In comparison to Apple and Samsung, most handset OEMs are in a rather more commoditized (i.e. less product-differentiated) and price-competitive market segment. Marginal costs also tend to be passed on to customers in the latter, but with little scope to increase prices much above costs no matter what goodies become available (to all) in the standards. The contract manufacturer ODMs also operate on thin margins. While owing their existence to the new technologies that fuel handset market growth and replacement, most manufacturers do not appear to be making exceptional profits in doing so.

Even some major OEMs have failed financially in the face of competition, regardless of ever-improving and increasingly valuable standards. It’s notable that despite Nokia being the handset market leader commanding the vast majority of the sector’s profits in the 2000s, and with peak financial performance around 2008, the firm’s floundering smartphone business at the beginnings of the 4G era was divested to Microsoft in 2014 and then subsequently closed with declining sales a couple of years later. With LG’s market share falling from 9% to 2% during the 2010s, it stopped selling smartphones in 2021.

All being things equal, one would expect costs including royalties to be fully passed on by suppliers in their prices. One would also expect that prices could be elevated little more—despite standard-technologies creating more total surplus than is paid for them in royalties—due to fierce downstream price competition among OEMs. Given the many competing suppliers at the commodity end of the market, one way a supplier might retain substantial supplier surplus would be if that company was avoiding royalty payments (e.g. through hold-out) while its competitors were incurring those costs and passing them on to customers. Alternatively, if that supplier was the only one, or if few are, paying such royalties, it might be unable to fully pass-on such costs to its customers without diminishing its sales volumes and market share.

Quid pro quos

MNOs and MVNOs do not pay directly to use the standards or SEP technologies that have kept them competitive in generating their service revenues. Instead, MNOs pay for new standards-based technologies in their network equipment purchases that are licensed with payment of patent fees by the manufacturers. MNOs and MVNOs commonly subsidize consumer purchases of new handsets that also employ these manufacturer-licensed technologies.

The fortunes of MNOs worldwide vary significantly: however, with a few exceptions such as US market leaders AT&T, Verizon and T-Mobile in recent years, profitability is generally modest or meagre. For example, Vodafone and 3 in the UK are hoping their proposed merger will improve lacklustre financial performance in competition with two other MNOs.

While some MNOs may have been able to capture some of the economic surplus in 4G and 5G, it seems that the MNOs and MVNOs overall are not major hoarders of surplus. Instead, consumers benefit, for example, by getting more and more data for around the same expenditure as for much less data previously. While global MNO revenues have been rather flat over many recent years, MNOs are supplying exponential network traffic growth of 1,000x over fifteen years since 2010. Fierce competition among operators is causing all the cost-per-gigabyte reductions and increased value MNOs receive from technological improvements to be passed through downstream to consumers with an unrewardingly constant unitary elasticity in the market demand curve.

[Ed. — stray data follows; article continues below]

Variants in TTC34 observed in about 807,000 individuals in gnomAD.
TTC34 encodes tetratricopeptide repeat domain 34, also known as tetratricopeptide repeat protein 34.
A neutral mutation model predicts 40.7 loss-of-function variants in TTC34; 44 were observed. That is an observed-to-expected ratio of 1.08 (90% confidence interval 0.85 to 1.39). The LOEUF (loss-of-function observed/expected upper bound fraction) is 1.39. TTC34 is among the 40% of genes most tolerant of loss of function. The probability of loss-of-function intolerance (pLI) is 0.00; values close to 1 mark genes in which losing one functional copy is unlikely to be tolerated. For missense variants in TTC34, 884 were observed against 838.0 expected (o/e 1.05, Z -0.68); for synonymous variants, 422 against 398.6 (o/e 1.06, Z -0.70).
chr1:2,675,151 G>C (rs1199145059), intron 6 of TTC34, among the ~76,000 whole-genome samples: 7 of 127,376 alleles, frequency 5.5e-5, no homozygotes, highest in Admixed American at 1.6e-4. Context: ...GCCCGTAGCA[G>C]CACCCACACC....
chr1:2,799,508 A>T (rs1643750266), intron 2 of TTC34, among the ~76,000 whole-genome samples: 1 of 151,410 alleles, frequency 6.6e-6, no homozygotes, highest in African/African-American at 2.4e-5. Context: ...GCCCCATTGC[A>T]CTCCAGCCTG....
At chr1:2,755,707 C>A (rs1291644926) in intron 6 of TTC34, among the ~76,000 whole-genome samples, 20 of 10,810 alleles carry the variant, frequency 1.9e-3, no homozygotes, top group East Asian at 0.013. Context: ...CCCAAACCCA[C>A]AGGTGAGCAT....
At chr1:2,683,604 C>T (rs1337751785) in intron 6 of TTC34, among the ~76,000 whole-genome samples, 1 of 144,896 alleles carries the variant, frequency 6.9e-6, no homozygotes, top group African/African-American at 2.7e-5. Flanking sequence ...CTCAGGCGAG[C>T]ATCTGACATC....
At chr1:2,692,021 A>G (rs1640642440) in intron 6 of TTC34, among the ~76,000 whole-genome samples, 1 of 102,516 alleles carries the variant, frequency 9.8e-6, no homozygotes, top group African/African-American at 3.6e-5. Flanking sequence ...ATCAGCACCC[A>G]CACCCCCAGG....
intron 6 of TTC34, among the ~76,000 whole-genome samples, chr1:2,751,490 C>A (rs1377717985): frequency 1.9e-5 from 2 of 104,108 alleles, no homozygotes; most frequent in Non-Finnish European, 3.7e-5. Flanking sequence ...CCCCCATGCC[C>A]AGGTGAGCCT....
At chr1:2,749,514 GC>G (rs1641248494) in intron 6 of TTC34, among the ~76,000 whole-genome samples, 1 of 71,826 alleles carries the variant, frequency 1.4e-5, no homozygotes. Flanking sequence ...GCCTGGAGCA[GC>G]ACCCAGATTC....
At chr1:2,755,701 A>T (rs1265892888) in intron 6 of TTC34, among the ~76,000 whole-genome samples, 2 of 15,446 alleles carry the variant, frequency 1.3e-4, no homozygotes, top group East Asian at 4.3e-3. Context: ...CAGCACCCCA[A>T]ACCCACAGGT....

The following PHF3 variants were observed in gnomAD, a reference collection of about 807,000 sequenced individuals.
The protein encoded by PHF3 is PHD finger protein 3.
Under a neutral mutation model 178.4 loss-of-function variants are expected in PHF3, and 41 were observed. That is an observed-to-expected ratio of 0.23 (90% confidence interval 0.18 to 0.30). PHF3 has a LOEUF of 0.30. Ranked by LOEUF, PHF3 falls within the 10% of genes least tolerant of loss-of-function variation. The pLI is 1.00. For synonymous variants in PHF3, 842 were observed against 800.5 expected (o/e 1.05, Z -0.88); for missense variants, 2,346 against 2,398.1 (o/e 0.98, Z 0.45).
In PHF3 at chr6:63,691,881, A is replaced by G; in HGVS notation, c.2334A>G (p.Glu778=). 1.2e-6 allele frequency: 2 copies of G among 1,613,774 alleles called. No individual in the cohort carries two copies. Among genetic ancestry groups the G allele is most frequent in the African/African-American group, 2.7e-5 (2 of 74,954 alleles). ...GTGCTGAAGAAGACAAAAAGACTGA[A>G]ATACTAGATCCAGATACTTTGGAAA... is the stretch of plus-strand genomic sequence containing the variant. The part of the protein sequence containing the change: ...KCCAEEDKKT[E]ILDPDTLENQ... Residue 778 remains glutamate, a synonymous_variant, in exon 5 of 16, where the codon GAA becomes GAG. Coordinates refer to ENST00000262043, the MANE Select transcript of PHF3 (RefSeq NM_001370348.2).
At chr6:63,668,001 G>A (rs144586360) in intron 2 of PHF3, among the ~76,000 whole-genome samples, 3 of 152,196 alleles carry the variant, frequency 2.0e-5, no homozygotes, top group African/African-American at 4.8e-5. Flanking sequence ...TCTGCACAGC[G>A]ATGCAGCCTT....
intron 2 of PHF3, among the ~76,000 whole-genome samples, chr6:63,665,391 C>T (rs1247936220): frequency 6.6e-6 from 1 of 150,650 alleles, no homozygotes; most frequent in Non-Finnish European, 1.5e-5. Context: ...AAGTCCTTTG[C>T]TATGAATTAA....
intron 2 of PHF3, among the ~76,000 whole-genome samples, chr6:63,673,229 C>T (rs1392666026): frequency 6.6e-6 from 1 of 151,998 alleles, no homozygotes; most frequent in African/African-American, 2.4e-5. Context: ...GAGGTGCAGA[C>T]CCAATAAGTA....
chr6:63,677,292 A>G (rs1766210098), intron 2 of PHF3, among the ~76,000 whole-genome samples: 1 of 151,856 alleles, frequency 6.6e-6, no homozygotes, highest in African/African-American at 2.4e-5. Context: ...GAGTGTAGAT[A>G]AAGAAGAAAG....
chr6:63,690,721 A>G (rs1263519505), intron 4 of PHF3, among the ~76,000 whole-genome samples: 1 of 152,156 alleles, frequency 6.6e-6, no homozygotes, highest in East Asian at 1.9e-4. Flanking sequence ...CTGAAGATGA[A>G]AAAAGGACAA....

In contrast, Big Tech Internet platforms are making money hand over fist in comparison to most MNOs, even though surging mobile data now accounts for almost 60% of all Internet traffic. Google (Android, Google Play Store, YouTube), Meta (Facebook, Instagram, WhatsApp) and Apple (iOS and App Store) are indirectly appropriating some of the surplus generated by standards and SEPs. For example, as WhatsApp is free for end-users, it cannibalizes the higher profits mobile operators could otherwise make on picture messaging, international calls and roaming calls. Even though consumers pay for mobile data so they can use this app, MNOs’ supplier surplus is diminished by these substitution effects. And, there’s is no free lunch for consumers: the Faustian bargain in using WhatsApp is in allowing Meta to access personal phone contact information. Consumer surplus is thus diminished and Meta’s supplier surplus is increased by this payment made in-kind.

Big Tech is also taking significant slices of the surplus from OEMs. For example, when you browser search or ask Siri for an Internet search on your iPhone it uses Google’s search engine. Payments by Google to Apple, to be the default search engine on iPhones, reportedly accounts for 14 to 21 per cent of Apple’s profits.  Payments were expected to be between $18 billion and $20 billion annually by 2021. That’s not all economic surplus from the value of communications standards and SEPs, but a significant proportion of it surely is given that Google, like Meta, also harvests value from consumers’ personal information including use—such as location—of mobile devices.

And, what about the SEP licensors who also develop the standards in the first place? Some of them are probably obtaining some producer surplus and using it to support their complementary product businesses in communications processor chips, network equipment and devices. Nevertheless, with aggregate royalties paid only around five percent of handset revenues, a much lower percentage when also including MNO and mobile OTT revenues and declining over the last decade, the remaining surplus passed through downstream in a vibrant and innovative ecosystem where almost everyone now is a major consumer is much, much more.

Keith Mallinson, founder of WiseHarbor, has more than 25 years of experience in the telecommunications industry as a research analyst, consultant and testifying expert witness.